That difference is especially important because the Big Five are the same five publishers which negotiated agency contracts last fall and spring, giving themselves more control over their ebook prices. According to the WSJ, the new contracts resulted in higher ebook prices and fewer ebooks sold.

Edit: And here's why those publishers pushed for higher ebook prices.

And it's not just the WSJ; there's independent confirmation in terms of ebook sales in the Kindle Store. According to the Author Earnings report, the share of Kindle ebook unit sales represented by AAP members has dropped from 45% to 32%.

aap-unit-sales

You can find more data on average ebook prices for Amazon, indie, and self-pub ebooks over on the Author Earnings website. While you're there you should also look at the report that the Big Five have been increasing the average price of their ebook for over a year.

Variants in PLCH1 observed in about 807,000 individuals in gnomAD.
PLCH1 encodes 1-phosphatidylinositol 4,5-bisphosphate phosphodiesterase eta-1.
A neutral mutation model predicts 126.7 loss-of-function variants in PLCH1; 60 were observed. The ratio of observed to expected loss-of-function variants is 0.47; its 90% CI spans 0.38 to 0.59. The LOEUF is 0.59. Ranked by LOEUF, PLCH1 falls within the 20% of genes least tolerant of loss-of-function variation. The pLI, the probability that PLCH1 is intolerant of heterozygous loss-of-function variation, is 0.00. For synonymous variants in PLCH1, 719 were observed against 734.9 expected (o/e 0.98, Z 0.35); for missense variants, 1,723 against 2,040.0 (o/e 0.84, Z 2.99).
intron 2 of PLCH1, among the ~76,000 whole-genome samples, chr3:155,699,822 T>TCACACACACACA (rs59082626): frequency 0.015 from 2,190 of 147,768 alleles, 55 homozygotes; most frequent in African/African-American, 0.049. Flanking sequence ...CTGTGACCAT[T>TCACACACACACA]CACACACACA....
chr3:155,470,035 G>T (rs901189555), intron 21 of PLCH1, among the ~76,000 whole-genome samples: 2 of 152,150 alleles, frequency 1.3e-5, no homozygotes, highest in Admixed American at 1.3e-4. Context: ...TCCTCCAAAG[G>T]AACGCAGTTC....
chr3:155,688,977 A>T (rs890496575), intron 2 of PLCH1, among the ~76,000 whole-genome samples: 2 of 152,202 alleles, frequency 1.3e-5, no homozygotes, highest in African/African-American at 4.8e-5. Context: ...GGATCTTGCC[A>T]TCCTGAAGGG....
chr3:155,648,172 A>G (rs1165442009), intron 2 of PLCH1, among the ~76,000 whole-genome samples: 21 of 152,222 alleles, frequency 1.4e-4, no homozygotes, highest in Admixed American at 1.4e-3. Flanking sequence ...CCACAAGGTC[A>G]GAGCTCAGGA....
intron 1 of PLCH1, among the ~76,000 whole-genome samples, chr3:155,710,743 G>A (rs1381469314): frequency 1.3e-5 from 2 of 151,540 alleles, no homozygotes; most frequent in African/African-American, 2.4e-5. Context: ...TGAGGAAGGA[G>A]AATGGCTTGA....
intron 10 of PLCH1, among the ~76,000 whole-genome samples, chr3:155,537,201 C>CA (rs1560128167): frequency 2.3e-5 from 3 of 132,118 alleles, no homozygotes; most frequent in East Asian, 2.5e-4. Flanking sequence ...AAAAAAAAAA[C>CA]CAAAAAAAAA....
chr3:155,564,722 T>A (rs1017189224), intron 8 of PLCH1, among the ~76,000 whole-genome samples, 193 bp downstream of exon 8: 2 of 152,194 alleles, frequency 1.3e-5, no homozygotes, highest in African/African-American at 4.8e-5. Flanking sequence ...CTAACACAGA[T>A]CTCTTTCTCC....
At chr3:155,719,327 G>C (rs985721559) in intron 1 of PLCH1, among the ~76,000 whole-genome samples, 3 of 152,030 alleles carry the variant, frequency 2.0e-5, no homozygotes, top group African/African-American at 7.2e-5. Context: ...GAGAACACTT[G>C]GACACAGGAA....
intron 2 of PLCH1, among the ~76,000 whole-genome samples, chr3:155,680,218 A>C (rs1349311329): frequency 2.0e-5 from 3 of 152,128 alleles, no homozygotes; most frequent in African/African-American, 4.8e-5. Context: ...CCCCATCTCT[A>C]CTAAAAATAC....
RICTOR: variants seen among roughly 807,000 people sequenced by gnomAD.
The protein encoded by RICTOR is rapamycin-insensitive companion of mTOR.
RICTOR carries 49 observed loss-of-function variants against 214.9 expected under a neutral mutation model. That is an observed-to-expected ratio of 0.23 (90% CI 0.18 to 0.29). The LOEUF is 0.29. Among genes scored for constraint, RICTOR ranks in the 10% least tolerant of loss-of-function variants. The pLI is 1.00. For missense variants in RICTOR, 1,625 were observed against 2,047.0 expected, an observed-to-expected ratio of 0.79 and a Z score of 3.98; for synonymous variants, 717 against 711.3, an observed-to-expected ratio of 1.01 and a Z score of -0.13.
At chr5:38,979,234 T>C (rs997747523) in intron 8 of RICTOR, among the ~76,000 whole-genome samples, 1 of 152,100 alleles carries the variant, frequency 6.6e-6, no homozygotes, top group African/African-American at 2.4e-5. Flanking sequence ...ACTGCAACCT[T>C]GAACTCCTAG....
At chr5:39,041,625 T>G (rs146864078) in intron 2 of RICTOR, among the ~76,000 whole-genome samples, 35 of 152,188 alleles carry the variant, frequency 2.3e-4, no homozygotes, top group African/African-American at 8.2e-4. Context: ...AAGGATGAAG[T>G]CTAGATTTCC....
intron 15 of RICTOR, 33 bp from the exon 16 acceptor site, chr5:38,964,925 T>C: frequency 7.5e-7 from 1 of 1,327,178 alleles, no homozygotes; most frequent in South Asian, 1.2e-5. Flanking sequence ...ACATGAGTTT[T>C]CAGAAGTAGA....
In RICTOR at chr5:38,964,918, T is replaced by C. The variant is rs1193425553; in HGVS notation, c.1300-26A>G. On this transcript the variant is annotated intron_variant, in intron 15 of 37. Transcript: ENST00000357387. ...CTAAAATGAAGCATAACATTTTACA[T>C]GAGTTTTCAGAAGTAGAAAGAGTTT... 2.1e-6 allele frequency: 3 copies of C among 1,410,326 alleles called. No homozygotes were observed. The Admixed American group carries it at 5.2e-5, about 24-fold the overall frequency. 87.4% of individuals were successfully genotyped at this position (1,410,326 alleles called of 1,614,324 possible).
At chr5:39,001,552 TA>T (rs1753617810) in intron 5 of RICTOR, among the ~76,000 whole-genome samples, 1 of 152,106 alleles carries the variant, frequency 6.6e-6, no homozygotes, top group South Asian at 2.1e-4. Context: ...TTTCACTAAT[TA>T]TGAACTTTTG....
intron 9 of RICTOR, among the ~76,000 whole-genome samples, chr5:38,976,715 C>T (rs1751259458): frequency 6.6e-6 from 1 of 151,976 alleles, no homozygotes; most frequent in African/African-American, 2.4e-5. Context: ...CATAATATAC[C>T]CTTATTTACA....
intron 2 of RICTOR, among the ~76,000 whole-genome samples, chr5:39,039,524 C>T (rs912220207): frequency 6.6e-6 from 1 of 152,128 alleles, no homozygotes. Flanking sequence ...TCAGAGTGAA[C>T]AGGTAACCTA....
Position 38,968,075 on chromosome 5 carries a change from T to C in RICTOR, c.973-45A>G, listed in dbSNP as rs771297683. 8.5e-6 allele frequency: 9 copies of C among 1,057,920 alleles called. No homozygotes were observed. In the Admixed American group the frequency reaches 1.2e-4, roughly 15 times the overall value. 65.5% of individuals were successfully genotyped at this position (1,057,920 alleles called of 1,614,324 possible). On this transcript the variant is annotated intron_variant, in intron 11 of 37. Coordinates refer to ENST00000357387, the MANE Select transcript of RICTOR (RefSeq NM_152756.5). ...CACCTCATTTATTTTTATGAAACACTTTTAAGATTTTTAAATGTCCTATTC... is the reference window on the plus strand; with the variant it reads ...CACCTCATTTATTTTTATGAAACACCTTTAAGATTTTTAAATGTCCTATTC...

The data shows that the publishers sending monthly sales data to the AAP are selling fewer ebooks, so it should come as no surprise that their sales are down.

But it does not follow that the market as a whole is down.

To look at the AAP data and say that the ebook market is down is an example of wishful thinking, confirmation bias, or what have you.

But no matter what the motivations, the simple fact is the data does not support the claim.

And as for the rest of the NYTimes piece, that is just window dressing.

image by Julian Partridge

About Nate Hoffelder (11174 Articles)